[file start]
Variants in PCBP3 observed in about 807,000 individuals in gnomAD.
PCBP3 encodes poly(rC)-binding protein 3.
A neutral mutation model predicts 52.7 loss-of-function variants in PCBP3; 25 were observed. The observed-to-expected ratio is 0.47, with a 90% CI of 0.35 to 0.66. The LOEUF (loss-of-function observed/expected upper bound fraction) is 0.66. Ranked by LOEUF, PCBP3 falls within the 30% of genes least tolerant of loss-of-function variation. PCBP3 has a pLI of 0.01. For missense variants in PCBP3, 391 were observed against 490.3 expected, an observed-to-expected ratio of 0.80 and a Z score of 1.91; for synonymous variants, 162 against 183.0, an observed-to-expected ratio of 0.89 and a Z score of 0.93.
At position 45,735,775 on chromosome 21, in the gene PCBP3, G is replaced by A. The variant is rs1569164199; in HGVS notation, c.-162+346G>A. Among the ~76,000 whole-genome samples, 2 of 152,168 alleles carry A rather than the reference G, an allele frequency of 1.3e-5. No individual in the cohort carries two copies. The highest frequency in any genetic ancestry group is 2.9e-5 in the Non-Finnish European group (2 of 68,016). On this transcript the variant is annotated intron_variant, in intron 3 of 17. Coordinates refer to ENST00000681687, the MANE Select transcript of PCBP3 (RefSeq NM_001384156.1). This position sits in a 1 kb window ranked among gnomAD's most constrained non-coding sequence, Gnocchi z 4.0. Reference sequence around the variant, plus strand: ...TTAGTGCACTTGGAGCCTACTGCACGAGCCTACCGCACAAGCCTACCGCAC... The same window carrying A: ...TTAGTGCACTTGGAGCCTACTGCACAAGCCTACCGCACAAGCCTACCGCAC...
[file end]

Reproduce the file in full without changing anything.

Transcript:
Variants in PCBP3 observed in about 807,000 individuals in gnomAD.
PCBP3 encodes poly(rC)-binding protein 3.
A neutral mutation model predicts 52.7 loss-of-function variants in PCBP3; 25 were observed. The observed-to-expected ratio is 0.47, with a 90% CI of 0.35 to 0.66. The LOEUF (loss-of-function observed/expected upper bound fraction) is 0.66. Ranked by LOEUF, PCBP3 falls within the 30% of genes least tolerant of loss-of-function variation. PCBP3 has a pLI of 0.01. For missense variants in PCBP3, 391 were observed against 490.3 expected, an observed-to-expected ratio of 0.80 and a Z score of 1.91; for synonymous variants, 162 against 183.0, an observed-to-expected ratio of 0.89 and a Z score of 0.93.
At position 45,735,775 on chromosome 21, in the gene PCBP3, G is replaced by A. The variant is rs1569164199; in HGVS notation, c.-162+346G>A. Among the ~76,000 whole-genome samples, 2 of 152,168 alleles carry A rather than the reference G, an allele frequency of 1.3e-5. No individual in the cohort carries two copies. The highest frequency in any genetic ancestry group is 2.9e-5 in the Non-Finnish European group (2 of 68,016). On this transcript the variant is annotated intron_variant, in intron 3 of 17. Coordinates refer to ENST00000681687, the MANE Select transcript of PCBP3 (RefSeq NM_001384156.1). This position sits in a 1 kb window ranked among gnomAD's most constrained non-coding sequence, Gnocchi z 4.0. Reference sequence around the variant, plus strand: ...TTAGTGCACTTGGAGCCTACTGCACGAGCCTACCGCACAAGCCTACCGCAC... The same window carrying A: ...TTAGTGCACTTGGAGCCTACTGCACAAGCCTACCGCACAAGCCTACCGCAC...